To compare the mid-term outcomes of laparoscopic sleeve gastrectomy (LSG) and laparoscopic Roux-en-Y gastric bypass (LRYGB) in obese Korean patients.
All consecutive patients who underwent either LSG or LRYGB with primary to treat morbid obesity between January 2011 and December 2012 were retrospectively reviewed. Patients with a body mass index (BMI) ≥ 30 kg/m(2) with inadequately controlled obesity-related comorbidities (e.g., diabetes, obstructive sleep apnea, hypertension, or obesity-related arthropathy) or BMI ≥ 35 kg/m(2) were considered for bariatric surgery according to the International Federation for the Surgery of Obesity-Asia Pacific Chapter Consensus statements in 2011. The decision regarding the procedure type was made on an individual basis following extensive discussion with the patient about the specific risks associated with each procedure. All operative procedures were performed laparoscopically by a single surgeon experienced in upper gastrointestinal surgeries. Baseline demographics, perioperative surgical outcomes, and postoperative anthropometric data from a prospectively established database were thoroughly reviewed and compared between the two surgical approaches.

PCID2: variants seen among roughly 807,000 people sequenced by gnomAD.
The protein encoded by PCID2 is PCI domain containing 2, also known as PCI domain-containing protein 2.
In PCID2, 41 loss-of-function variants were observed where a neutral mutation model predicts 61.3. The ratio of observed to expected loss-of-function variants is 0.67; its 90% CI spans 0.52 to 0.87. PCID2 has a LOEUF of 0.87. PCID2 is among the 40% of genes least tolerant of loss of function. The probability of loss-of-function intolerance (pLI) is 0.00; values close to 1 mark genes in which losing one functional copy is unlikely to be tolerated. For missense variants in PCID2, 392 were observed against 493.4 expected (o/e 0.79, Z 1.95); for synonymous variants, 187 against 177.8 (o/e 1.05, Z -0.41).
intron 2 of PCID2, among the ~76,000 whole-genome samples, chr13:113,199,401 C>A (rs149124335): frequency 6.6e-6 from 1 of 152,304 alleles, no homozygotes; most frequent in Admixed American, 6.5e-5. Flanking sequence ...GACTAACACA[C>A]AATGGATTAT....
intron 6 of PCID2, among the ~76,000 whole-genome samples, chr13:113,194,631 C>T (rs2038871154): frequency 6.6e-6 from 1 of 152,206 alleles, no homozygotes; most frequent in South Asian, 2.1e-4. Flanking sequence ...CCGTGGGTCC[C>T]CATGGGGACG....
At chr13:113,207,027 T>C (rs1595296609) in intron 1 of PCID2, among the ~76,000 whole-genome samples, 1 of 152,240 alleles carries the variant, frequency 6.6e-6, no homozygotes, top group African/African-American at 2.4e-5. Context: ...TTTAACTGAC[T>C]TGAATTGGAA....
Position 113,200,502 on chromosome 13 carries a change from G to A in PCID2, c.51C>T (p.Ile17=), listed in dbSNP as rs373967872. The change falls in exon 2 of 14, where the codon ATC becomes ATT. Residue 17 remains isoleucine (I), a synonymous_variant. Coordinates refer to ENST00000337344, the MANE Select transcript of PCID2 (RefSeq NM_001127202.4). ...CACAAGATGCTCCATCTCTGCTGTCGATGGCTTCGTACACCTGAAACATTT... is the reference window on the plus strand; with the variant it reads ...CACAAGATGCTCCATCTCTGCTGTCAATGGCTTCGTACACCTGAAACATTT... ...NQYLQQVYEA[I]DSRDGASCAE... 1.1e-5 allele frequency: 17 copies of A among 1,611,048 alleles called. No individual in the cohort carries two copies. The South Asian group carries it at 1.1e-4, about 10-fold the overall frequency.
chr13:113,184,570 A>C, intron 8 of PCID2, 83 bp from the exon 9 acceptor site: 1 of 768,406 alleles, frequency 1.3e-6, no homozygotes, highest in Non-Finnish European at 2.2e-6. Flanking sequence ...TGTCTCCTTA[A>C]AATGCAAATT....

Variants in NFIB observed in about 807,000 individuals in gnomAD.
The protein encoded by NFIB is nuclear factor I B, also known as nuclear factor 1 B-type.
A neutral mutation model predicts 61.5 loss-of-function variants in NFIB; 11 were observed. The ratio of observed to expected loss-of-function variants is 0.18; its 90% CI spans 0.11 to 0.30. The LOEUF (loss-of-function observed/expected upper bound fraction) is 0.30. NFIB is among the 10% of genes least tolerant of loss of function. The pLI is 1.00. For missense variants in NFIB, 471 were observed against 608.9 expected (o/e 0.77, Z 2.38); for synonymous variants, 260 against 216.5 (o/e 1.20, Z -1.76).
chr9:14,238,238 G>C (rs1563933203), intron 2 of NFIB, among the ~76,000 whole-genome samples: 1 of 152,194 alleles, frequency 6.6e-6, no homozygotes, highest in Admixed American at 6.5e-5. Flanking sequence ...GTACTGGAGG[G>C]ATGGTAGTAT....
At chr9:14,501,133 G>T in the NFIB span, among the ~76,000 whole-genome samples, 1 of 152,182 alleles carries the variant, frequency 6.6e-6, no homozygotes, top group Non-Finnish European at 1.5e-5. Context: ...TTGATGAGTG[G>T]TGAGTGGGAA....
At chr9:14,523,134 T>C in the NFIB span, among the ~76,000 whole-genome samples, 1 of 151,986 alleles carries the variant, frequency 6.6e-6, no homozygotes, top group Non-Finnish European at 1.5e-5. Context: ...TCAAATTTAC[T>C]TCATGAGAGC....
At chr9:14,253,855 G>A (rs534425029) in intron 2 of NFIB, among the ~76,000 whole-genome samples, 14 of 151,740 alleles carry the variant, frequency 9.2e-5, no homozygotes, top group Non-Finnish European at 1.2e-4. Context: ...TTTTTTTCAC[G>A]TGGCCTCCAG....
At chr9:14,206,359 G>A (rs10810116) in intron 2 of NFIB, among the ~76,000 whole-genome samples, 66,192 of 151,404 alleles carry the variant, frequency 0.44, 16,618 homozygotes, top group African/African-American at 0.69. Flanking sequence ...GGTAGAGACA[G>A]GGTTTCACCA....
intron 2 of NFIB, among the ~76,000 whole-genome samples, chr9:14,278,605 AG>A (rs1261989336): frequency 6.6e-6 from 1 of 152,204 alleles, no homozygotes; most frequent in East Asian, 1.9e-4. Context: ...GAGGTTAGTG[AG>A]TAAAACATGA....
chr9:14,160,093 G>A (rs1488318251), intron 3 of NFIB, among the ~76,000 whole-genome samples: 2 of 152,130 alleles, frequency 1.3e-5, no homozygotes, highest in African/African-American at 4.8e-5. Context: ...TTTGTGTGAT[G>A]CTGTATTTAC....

One hundred four patients underwent LSG, and 236 underwent LRYGB. Preoperative BMI in the LSG group was significantly higher than that of the LRYGB group (38.6 kg/m(2) vs 37.2 kg/m(2), P = 0.024). Patients with diabetes were more prevalent in the LRYGB group (18.3% vs 35.6%, P = 0.001). Operating time and hospital stay were significantly shorter in the LSG group compared with the LRYGB group (100 min vs 130 min, P < 0.001; 1 d vs 2 d, P = 0.003), but the incidence of perioperative complications was similar between the groups (P = 0.351). The mean percentage of excess weight loss (%EWL) was 71.2% for LRYGB, while it was 63.5% for LSG, at mean follow-up periods of 18.0 and 21.0 mo, respectively (P = 0.073). The %EWL at 1, 3, 6, 12, 18, 24, and 36 mo was equivalent between the groups. Four patients required surgical revision after LSG (4.8%), while revision was only required in one case following LRYGB (0.4%; P = 0.011).
Both LSG and LRYGB are effective procedures that induce comparable weight loss in the mid-term and similar surgical risks, except for the higher revision rate after LSG.